Gun violence in the United States
Across America, firearms are fast becoming a must-have accessory (“I’m girlie about my gun. I chose it because it’s beautiful and I like it on show” said a 24 girl.)But is this fear of serious crime justified or a sign of a society in the grip of intense paranoia ? There are an estimated 200 million privately owned guns in the US. Despite the pro-gunners’ fears,they’re not going to be taken away anytime soon. Even the Brady Campaign doesn’t advocate an outright ban – just more safety checks and controls. Handguns have been almost completely outlawed in the UK since 1997, but such a law is unlikely to be passed in the States. Firearms are responsible of about 30 000 deaths in the US, because of a suicide or a murder, and nine children died because offirearms.
The U.S. Constitution contains 27 amendments and the II amendment makes the carrying of weapons legally "A well regulated Militia, being necessary to the security of a free State, the right of the people to keep and bear arms shall not be infringed."
This amendment allows U.S. citizens to freely hold one or more weapons and use them just as freely.
…but there are still restrictions.Firstly in 1911, the State of New York passes a law to control.
But the most important law is the Brady bill passed in 1994. It limits the possession of firearms by criminals and former requires a check of criminal and psychiatric history when purchasing a new weapon . thus allows to limit the crimes offenders.
In addition, different states of the United States increasingly are trying tolimit the purchase of weapons: indeed there are 11 major federal laws.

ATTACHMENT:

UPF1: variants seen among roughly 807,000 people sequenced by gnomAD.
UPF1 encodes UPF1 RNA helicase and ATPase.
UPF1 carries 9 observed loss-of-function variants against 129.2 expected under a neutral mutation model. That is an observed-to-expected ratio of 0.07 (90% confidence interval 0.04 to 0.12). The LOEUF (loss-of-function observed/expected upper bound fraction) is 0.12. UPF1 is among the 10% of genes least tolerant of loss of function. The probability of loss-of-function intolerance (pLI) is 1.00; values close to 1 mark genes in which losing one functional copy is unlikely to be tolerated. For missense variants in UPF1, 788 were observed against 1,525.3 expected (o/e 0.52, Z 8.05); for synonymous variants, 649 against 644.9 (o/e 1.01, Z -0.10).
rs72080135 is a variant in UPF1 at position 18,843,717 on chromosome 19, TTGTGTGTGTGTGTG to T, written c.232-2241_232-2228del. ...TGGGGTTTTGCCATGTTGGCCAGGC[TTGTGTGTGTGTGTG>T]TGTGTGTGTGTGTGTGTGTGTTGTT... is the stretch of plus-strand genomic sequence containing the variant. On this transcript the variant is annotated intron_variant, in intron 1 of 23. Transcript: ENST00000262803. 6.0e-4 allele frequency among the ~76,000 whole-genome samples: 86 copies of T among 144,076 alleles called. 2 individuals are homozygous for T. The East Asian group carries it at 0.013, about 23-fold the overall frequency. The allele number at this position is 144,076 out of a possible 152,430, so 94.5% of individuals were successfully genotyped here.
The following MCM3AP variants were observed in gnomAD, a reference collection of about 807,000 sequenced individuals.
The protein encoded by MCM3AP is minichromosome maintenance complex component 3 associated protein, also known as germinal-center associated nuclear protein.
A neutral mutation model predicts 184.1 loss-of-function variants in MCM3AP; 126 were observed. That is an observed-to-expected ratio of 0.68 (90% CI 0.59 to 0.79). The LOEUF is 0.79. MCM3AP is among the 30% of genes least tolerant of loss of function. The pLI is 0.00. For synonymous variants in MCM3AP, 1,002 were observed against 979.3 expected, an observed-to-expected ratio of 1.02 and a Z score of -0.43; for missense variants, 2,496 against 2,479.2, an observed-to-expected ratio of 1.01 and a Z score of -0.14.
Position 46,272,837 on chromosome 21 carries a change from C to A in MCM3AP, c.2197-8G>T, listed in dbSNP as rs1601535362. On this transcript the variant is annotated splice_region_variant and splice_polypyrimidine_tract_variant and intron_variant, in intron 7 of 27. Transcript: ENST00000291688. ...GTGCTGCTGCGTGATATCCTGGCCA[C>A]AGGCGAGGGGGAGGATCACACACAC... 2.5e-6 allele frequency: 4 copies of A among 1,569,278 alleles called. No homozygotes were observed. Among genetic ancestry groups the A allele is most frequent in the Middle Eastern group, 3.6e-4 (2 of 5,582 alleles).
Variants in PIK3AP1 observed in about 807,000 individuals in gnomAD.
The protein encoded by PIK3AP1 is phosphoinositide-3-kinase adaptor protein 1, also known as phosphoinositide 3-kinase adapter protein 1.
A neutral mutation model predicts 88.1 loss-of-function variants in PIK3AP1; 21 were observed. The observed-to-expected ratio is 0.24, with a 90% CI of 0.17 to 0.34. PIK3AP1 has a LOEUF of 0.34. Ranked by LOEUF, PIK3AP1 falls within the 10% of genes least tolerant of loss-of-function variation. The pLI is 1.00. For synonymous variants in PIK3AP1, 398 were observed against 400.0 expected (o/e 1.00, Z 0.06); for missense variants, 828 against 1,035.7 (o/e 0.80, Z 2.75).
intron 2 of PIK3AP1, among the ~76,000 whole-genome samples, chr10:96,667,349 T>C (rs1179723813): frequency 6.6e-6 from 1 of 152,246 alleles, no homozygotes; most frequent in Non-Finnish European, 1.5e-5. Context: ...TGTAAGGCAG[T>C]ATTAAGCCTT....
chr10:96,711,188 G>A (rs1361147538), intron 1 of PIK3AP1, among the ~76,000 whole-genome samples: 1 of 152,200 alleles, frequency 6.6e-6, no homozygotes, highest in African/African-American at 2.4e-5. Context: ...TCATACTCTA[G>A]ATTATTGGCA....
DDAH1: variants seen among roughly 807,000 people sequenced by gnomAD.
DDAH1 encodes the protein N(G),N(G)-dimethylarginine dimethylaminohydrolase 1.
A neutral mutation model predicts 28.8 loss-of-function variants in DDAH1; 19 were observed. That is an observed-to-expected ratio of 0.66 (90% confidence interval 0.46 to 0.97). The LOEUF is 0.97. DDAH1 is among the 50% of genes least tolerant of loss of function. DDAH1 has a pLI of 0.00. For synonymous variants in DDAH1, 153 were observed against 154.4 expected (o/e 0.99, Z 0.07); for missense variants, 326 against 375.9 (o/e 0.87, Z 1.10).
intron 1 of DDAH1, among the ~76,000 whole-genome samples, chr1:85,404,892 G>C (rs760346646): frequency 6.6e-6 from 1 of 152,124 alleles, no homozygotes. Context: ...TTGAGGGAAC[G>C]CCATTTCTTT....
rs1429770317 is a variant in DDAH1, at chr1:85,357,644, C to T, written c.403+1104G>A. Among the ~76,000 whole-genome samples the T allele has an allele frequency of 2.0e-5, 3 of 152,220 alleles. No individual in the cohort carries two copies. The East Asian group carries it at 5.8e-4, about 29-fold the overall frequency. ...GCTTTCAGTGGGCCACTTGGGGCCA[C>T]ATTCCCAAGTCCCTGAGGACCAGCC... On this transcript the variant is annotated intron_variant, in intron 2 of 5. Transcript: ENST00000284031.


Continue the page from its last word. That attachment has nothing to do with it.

But US is a real consumer of weapons
Gun violence is an intensely debated political issue in the United States. Gun related violence is most common in poor urban areas and in conjunction with gang violence. Gun violence is not new in the United States, with the assassinations of President Abraham Lincoln in 1865, PresidentsJames Garfield, William McKinley, and John F. Kennedy. High profile gun violence incidents, such as the assassinations of Robert F. Kennedy, Martin Luther King, Jr., and, more recently, the Columbine High School massacre, the Beltway sniper attacks, and the Virginia Tech massacre, have also fueled debate over gun policies. School shootings like those at Columbine in 1999, and at Virginia Tech in 2007in which 32 people died, made many people question the right to bear arms. It also inspired film-maker Michael Moore to make his documentary Bowling for Columbine, investigating America’s love affair with firearms.
The past ten years have, in fact, seen crime rates plummet across the country. People are convinced crime has increased –74 per cent said crime was getting worse.
Open carry in theUnited States
Open carry is the act of publicly carrying a firearm in plain sight.
Plain sight is broadly defined as not being hidden from common observation; varies somewhat from state to state.In the United States, open carry is shorthand terminology for "openly carrying a firearm in public", as distinguished from concealed carry, where firearms cannot be seen by the casual observer.Thepractice of open carry, where gun owners openly carry firearms while they go about their daily business, has seen an increase in the U.S. in recent years. In the last decade, this has been marked by an number of organized events intended to increase the visibility of open carry and public awareness about the practice. Critics of open carry, on the other hand, have raised concerns about right-wingextremism and the threat of armed revolt against the U.S. government.Encouraged by groups like OpenCarry.org, GeorgiaCarry.org and some participants of the Free State Project, open carry has seen a revival in recent years. As of 2010, it is not yet clear if this represents a sea change, or just a short-term trend.Open carry is legal in 43 states, but the different rules are so mind-boggling that you...
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